ATHENS — The Ohio University Heritage College of Osteopathic Medicine has announced it will name a newly endowed research chair to honor one of its most esteemed faculty members. The John J. Kopchick, Ph.D., Osteopathic Heritage Foundations Endowed Eminent Research Chair was announced at a Jan. 17 luncheon held to recognize the world-renowned endocrinologist and his contributions to the college, the university and the medical profession.
Named after Kopchick, himself the Milton and Lawrence H. Goll Eminent Scholar and Professor in Molecular and Cellular Biology, the chair will be held by a researcher to be recruited into the OU-HCOM Department of Biomedical Sciences in 2016. The $5 million endowment is supported by both the Osteopathic Heritage Foundations and Ohio University.
“John is extraordinary, in every sense of the word,” said Richard A. Vincent, president and CEO of the Osteopathic Heritage Foundations. “He is known nationally and internationally for his remarkable work in endocrinology and as a highly respected scientist at Ohio University. On campus and around Athens, he is known as an effective mentor, professor and friend. This recognition is but one demonstration of our intense pride in having him associated with the Heritage College of Osteopathic Medicine.”
Thanking the Osteopathic Heritage Foundations, Ohio University, the Heritage College, and his closest colleagues, friends and family in attendance, Kopchick said he was extremely humbled and speechless when told the chair would be named for him.
“This position is such an honor,” he said. “The John J. Kopchick, Ph.D., Osteopathic Heritage Foundations Endowed Eminent Research Chair — those words are very special. Thank you.”
Kopchick is known internationally for his 1989 discovery of a compound that became the basis for a drug that treats acromegaly, a disorder that can cause excessive growth of organs and bones, and can lead to premature death. The treatment has improved thousands of lives and has earned substantial royalties that support Ohio University research programs.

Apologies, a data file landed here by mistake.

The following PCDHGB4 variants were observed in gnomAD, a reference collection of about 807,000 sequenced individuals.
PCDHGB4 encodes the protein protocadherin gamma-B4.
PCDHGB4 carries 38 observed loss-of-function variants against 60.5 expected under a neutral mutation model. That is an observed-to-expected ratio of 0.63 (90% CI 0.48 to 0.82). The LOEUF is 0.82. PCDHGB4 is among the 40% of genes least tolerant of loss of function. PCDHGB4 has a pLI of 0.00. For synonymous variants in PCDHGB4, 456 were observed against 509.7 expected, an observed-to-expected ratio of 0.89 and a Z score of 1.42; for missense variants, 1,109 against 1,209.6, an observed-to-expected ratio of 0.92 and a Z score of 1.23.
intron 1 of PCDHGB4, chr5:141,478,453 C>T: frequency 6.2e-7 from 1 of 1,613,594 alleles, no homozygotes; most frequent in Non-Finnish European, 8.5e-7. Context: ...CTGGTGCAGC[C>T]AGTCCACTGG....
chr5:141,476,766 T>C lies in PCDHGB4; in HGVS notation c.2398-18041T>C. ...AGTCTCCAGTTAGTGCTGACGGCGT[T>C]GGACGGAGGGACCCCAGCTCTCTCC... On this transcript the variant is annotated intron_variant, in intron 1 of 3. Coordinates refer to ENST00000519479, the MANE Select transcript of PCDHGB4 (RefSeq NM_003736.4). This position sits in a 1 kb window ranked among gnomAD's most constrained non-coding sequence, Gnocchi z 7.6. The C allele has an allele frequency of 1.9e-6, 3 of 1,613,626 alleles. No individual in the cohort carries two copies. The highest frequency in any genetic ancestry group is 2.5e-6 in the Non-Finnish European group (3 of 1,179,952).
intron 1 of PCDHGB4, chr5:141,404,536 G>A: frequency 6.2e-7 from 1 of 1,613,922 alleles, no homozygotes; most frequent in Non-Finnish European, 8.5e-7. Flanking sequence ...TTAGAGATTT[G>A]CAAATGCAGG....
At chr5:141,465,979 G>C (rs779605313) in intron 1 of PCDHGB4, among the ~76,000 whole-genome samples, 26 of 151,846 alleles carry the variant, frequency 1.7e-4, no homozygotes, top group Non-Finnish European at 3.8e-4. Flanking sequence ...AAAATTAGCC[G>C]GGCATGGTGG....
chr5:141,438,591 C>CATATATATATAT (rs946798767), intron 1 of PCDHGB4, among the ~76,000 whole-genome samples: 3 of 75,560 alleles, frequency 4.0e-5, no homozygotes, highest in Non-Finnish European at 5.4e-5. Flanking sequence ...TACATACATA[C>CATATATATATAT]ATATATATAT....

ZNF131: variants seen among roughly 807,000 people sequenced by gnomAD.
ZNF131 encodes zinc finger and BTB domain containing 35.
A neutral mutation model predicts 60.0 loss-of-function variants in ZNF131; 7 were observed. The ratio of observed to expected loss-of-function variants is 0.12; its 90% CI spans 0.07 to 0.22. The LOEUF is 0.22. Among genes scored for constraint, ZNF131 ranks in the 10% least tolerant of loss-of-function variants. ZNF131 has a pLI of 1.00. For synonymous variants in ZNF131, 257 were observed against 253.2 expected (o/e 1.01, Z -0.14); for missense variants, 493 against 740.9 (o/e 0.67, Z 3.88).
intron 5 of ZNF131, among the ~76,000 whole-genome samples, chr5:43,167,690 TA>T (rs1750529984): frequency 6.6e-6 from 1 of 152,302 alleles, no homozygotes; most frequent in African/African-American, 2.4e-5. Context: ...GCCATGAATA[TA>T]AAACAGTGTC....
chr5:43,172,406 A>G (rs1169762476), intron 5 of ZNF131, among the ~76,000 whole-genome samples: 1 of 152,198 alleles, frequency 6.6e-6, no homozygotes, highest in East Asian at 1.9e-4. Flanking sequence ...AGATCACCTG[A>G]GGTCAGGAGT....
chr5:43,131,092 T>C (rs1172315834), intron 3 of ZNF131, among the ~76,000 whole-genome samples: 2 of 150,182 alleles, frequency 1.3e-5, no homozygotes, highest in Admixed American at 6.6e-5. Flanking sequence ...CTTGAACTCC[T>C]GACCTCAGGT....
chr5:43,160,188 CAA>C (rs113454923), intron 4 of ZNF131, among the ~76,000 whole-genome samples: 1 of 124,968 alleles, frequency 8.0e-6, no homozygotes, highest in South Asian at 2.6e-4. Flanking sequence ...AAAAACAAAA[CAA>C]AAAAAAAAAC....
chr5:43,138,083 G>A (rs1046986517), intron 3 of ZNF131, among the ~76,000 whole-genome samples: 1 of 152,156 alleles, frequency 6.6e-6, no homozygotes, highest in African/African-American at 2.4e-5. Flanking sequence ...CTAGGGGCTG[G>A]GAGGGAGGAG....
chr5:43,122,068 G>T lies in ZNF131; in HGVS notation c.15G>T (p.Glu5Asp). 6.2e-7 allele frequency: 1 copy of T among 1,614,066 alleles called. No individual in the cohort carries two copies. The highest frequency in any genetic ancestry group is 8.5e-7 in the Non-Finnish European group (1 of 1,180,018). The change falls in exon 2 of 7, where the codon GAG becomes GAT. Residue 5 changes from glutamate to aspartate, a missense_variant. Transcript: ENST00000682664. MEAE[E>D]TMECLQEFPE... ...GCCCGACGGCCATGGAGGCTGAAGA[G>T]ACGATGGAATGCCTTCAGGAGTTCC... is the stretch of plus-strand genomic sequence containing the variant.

But as OU-HCOM Dean Jack Brose, D.O., explained at the luncheon, Kopchick’s achievements extend well beyond Somavert®, the drug developed based on his research. He is an extraordinary mentor and leader who has received numerous national and international awards; has published more than 290 scientific articles; and has been involved in three start-up companies.
“John has a remarkable ability to inspire others and to build research teams. Through his mentorship he has helped shape the careers of many other scientists,” said Brose, who also serves as Ohio University’s executive dean for health affairs. “I think we know only part of the legacy that John Kopchick will leave one day when he retires, but to date his contributions to the college, to the university, to the field of endocrinology and to the medical profession are tremendous. It is such a privilege to be able to recognize an esteemed faculty member and his life’s work by naming this research chair in his honor.”
Endowed chairs and named professorships are among the highest honors an academic institution can bestow upon its faculty members.
Speaking on the importance of endowed research chairs, Ohio University President Roderick J. McDavis said that such positions help recruit faculty colleagues who will be tomorrow’s leading researchers.
“We have many distinguished scholars at Ohio University, many professors here who are shining lights, but among the brightest of those is John,” McDavis said. “Thank you for the countless lives you have improved and saved, and for lifting Ohio University up all over the world with your research.”
The endowed research chair was funded in part from the historic $105 million gift to OU-HCOM from the Osteopathic Heritage Foundations. The Foundations’ support for this chair ultimately funds an initiative to build upon current college research strengths by establishing a critical mass of world-class scientists who will conduct basic and translational research in diabetes and its complications by adding new distinguished research chairs and their associated research teams.
The scientist chosen to be the Kopchick Chair and the chair’s associated research team will be located in the new Osteopathic Heritage Foundations and Charles R. and Marilyn Y. Stuckey Academic & Research Center (ARC). With its state-of-the-art labs, the ARC co-locates clinicians, engineers and other scientists, allowing these faculty members to collaborate in close proximity as they work toward common goals in diabetes, obesity and cancer initiatives.